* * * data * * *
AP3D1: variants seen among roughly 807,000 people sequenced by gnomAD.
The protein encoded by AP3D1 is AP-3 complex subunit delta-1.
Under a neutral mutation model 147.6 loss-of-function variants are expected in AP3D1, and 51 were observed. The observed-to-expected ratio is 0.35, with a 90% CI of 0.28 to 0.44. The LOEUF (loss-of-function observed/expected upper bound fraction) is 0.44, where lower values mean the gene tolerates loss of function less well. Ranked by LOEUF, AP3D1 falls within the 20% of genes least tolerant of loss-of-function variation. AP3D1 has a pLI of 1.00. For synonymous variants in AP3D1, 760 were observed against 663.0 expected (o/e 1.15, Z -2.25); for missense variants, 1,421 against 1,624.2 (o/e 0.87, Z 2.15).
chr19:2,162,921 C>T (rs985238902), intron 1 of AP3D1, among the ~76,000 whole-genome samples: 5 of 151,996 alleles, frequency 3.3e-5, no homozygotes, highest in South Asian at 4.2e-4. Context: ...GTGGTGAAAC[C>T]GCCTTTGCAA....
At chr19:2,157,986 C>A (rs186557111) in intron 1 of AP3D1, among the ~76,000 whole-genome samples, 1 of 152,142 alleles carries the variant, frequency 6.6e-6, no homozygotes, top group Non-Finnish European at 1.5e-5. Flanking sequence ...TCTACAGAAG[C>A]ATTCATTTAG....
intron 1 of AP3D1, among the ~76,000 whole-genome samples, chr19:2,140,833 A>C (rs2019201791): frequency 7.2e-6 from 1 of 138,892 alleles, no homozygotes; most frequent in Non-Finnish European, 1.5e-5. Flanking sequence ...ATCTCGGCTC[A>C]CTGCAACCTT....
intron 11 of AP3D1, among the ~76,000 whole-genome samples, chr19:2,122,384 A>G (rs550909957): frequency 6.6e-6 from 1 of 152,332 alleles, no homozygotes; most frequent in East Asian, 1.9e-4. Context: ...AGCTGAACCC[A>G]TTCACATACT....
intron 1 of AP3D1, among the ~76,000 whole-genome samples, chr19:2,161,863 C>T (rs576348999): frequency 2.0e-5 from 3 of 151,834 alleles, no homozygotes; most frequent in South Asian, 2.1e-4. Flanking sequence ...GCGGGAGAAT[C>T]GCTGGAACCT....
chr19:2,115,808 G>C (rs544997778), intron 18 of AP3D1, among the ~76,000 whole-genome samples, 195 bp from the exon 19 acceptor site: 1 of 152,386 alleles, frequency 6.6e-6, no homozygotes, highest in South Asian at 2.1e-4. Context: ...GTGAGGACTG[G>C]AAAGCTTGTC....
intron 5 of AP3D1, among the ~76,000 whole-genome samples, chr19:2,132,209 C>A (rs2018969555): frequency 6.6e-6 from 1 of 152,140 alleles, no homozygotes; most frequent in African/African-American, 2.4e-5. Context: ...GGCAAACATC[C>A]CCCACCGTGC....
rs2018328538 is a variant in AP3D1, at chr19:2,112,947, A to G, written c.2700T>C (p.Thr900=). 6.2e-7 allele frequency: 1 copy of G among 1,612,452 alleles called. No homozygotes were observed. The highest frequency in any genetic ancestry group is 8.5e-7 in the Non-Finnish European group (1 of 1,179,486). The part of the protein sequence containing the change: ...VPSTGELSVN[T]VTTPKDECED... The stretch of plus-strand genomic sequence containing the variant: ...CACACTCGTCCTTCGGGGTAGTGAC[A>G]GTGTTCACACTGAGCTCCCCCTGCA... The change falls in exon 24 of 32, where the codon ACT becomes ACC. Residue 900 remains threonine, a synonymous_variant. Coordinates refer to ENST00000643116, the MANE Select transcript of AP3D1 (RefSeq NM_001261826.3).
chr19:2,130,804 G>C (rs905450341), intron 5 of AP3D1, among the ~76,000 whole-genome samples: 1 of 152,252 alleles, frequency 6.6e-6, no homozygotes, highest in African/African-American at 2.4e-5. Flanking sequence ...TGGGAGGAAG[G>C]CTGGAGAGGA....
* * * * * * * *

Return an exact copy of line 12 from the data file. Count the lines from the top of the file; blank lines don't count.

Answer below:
chr19:2,130,804 G>C (rs905450341), intron 5 of AP3D1, among the ~76,000 whole-genome samples: 1 of 152,252 alleles, frequency 6.6e-6, no homozygotes, highest in African/African-American at 2.4e-5. Flanking sequence ...TGGGAGGAAG[G>C]CTGGAGAGGA....